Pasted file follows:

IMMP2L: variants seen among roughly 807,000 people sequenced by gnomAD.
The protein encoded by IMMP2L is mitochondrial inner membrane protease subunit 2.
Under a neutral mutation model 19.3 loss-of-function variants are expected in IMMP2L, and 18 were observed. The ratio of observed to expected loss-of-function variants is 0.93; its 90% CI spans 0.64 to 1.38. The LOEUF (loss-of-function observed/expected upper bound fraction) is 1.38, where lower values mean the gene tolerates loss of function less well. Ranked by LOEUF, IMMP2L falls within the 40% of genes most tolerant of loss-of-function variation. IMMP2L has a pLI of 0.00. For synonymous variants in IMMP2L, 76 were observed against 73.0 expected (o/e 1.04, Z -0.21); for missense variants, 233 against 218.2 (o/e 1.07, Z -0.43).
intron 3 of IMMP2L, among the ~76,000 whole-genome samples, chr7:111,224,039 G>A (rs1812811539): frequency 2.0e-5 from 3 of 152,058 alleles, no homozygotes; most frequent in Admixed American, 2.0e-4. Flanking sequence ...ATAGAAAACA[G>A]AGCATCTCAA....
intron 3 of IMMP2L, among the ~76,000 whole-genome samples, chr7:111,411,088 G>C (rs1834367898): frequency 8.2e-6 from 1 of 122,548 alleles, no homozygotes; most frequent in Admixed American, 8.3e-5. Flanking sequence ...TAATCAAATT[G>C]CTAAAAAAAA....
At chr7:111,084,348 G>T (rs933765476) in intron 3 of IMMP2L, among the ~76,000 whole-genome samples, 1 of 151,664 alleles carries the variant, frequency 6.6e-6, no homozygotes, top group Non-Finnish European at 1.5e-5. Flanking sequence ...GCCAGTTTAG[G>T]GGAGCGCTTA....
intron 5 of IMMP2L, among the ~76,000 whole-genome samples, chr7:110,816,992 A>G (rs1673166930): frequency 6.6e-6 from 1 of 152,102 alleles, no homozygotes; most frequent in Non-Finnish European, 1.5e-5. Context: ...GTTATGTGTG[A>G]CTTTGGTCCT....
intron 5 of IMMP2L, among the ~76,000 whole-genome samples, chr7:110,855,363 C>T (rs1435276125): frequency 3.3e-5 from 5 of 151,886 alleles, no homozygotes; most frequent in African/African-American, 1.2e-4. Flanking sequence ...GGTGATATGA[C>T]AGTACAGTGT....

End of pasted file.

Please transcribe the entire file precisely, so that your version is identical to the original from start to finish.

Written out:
IMMP2L: variants seen among roughly 807,000 people sequenced by gnomAD.
The protein encoded by IMMP2L is mitochondrial inner membrane protease subunit 2.
Under a neutral mutation model 19.3 loss-of-function variants are expected in IMMP2L, and 18 were observed. The ratio of observed to expected loss-of-function variants is 0.93; its 90% CI spans 0.64 to 1.38. The LOEUF (loss-of-function observed/expected upper bound fraction) is 1.38, where lower values mean the gene tolerates loss of function less well. Ranked by LOEUF, IMMP2L falls within the 40% of genes most tolerant of loss-of-function variation. IMMP2L has a pLI of 0.00. For synonymous variants in IMMP2L, 76 were observed against 73.0 expected (o/e 1.04, Z -0.21); for missense variants, 233 against 218.2 (o/e 1.07, Z -0.43).
intron 3 of IMMP2L, among the ~76,000 whole-genome samples, chr7:111,224,039 G>A (rs1812811539): frequency 2.0e-5 from 3 of 152,058 alleles, no homozygotes; most frequent in Admixed American, 2.0e-4. Flanking sequence ...ATAGAAAACA[G>A]AGCATCTCAA....
intron 3 of IMMP2L, among the ~76,000 whole-genome samples, chr7:111,411,088 G>C (rs1834367898): frequency 8.2e-6 from 1 of 122,548 alleles, no homozygotes; most frequent in Admixed American, 8.3e-5. Flanking sequence ...TAATCAAATT[G>C]CTAAAAAAAA....
At chr7:111,084,348 G>T (rs933765476) in intron 3 of IMMP2L, among the ~76,000 whole-genome samples, 1 of 151,664 alleles carries the variant, frequency 6.6e-6, no homozygotes, top group Non-Finnish European at 1.5e-5. Flanking sequence ...GCCAGTTTAG[G>T]GGAGCGCTTA....
intron 5 of IMMP2L, among the ~76,000 whole-genome samples, chr7:110,816,992 A>G (rs1673166930): frequency 6.6e-6 from 1 of 152,102 alleles, no homozygotes; most frequent in Non-Finnish European, 1.5e-5. Context: ...GTTATGTGTG[A>G]CTTTGGTCCT....
intron 5 of IMMP2L, among the ~76,000 whole-genome samples, chr7:110,855,363 C>T (rs1435276125): frequency 3.3e-5 from 5 of 151,886 alleles, no homozygotes; most frequent in African/African-American, 1.2e-4. Flanking sequence ...GGTGATATGA[C>T]AGTACAGTGT....